POLITICS
03/29/2012 06:19 EDT | Updated 05/29/2012 05:12 EDT

Quebec student heads to court, wants judge to rule against student 'strike'

MONTREAL - Not all Quebec students are eager participants in anti-tuition walkouts that have emptied classrooms in the province — and one is actually waging a legal fight against the so-called strikes.

Guillaume Charette says in a court filing that students who have paid for classes should have the right to attend without obstruction or harassment.

The Universite de Montreal law student was in court Thursday seeking injunctions against his student association, his student union, his university and an umbrella group of student groups that is one of the main protest organizers.

Tens of thousands of students from certain university faculties have abandoned their studies in recent weeks; that has drawn threats from the provincial government that participants might either have their semesters extended or cancelled.

Amid the chorus of student outrage, a quieter contingent has spoken out in opposition to the strikes. Some of these students say they have faced threats for opposing the anti-tuition movement.

Charette says he was unable to go to class on two specific days in the past week. He says that the notion of a so-called student "strike" doesn't make sense because students are more like consumers than unionized workers.

Charette argues that individual students have a right to protest but it shouldn't compel everyone to follow suit. He's also asking his university to make up classes cancelled during the protests.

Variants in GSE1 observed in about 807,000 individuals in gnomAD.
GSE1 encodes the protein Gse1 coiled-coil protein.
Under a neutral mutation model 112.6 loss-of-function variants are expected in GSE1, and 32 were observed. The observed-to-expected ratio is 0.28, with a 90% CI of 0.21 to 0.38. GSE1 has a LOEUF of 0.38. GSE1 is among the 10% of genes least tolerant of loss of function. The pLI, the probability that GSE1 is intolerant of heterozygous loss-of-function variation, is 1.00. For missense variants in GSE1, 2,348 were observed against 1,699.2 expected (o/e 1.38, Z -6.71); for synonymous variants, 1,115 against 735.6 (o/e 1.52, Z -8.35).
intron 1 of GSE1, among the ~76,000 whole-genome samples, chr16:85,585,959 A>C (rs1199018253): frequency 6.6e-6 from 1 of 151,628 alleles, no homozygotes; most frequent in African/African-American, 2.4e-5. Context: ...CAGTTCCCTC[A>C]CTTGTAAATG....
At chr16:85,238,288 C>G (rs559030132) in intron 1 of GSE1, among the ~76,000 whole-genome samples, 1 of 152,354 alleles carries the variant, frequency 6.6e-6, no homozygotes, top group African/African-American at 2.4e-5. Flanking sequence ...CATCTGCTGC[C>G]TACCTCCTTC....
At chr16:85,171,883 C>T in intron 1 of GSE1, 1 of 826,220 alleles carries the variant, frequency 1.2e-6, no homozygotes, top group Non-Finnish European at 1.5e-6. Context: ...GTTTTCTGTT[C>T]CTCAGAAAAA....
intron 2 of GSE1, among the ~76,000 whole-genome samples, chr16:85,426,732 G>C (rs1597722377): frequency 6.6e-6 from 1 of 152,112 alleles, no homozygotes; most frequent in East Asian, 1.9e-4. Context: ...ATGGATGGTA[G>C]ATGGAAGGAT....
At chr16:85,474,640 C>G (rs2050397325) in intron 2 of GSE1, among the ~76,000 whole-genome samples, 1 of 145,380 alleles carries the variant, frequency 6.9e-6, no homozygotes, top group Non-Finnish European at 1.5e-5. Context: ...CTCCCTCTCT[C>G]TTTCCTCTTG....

"The present request is aimed at clarifying the rights of students to attend their courses without obstruction, harassment, intimidation or interruption," he wrote in a motion filed in Quebec Superior Court this week.

"They have paid for these courses, the Quebec government has paid the university for them."

Charette, who is graduating this year, has a week left in his semester.

To obtain a preliminary injunction, Charette must demonstrate an urgency in his application and must prove that he suffered irreparable harm.

Justice Luc Lefebvre is to rule on the motion on Friday.

Meanwhile Thursday, there were boisterous protests in Quebec against the tuition hikes, as there have been in the province nearly every day lately. One of those protests saw students temporarily block access to the Montreal courthouse. Another saw students hang and burn an effigy of Premier Jean Charest.

The Charest government wants to nearly double tuition fees over five years, to $3,800 per year. It says that even with the hikes, Quebec would still have among the lowest rates in the country.

But students call the increase too steep, too fast, and warn that it will prevent some people from obtaining an education. Some are now arguing for zero tuition, as exists in some European jurisdictions.

-With file from Sidhartha Banerjee